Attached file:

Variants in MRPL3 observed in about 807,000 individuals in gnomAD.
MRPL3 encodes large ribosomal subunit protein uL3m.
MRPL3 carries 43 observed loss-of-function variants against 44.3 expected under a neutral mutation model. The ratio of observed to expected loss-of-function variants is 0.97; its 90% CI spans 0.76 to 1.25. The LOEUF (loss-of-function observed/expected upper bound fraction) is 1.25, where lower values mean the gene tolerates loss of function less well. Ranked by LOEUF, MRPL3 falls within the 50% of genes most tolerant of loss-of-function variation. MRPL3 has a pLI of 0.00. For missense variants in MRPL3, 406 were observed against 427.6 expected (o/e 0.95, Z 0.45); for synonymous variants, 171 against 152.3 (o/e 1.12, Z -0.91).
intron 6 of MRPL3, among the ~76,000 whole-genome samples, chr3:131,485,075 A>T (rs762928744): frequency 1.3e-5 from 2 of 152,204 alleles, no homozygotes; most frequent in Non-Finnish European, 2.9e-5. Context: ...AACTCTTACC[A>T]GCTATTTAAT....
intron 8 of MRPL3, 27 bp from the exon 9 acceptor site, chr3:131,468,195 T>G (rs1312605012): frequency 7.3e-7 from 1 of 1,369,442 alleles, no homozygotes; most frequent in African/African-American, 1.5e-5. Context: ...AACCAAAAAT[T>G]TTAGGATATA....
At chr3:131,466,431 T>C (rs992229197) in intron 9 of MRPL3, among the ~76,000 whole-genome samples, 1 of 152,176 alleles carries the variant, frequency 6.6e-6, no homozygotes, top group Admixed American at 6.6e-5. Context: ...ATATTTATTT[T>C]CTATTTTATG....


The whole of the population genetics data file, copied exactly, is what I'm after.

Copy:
Variants in MRPL3 observed in about 807,000 individuals in gnomAD.
MRPL3 encodes large ribosomal subunit protein uL3m.
MRPL3 carries 43 observed loss-of-function variants against 44.3 expected under a neutral mutation model. The ratio of observed to expected loss-of-function variants is 0.97; its 90% CI spans 0.76 to 1.25. The LOEUF (loss-of-function observed/expected upper bound fraction) is 1.25, where lower values mean the gene tolerates loss of function less well. Ranked by LOEUF, MRPL3 falls within the 50% of genes most tolerant of loss-of-function variation. MRPL3 has a pLI of 0.00. For missense variants in MRPL3, 406 were observed against 427.6 expected (o/e 0.95, Z 0.45); for synonymous variants, 171 against 152.3 (o/e 1.12, Z -0.91).
intron 6 of MRPL3, among the ~76,000 whole-genome samples, chr3:131,485,075 A>T (rs762928744): frequency 1.3e-5 from 2 of 152,204 alleles, no homozygotes; most frequent in Non-Finnish European, 2.9e-5. Context: ...AACTCTTACC[A>T]GCTATTTAAT....
intron 8 of MRPL3, 27 bp from the exon 9 acceptor site, chr3:131,468,195 T>G (rs1312605012): frequency 7.3e-7 from 1 of 1,369,442 alleles, no homozygotes; most frequent in African/African-American, 1.5e-5. Context: ...AACCAAAAAT[T>G]TTAGGATATA....
At chr3:131,466,431 T>C (rs992229197) in intron 9 of MRPL3, among the ~76,000 whole-genome samples, 1 of 152,176 alleles carries the variant, frequency 6.6e-6, no homozygotes, top group Admixed American at 6.6e-5. Context: ...ATATTTATTT[T>C]CTATTTTATG....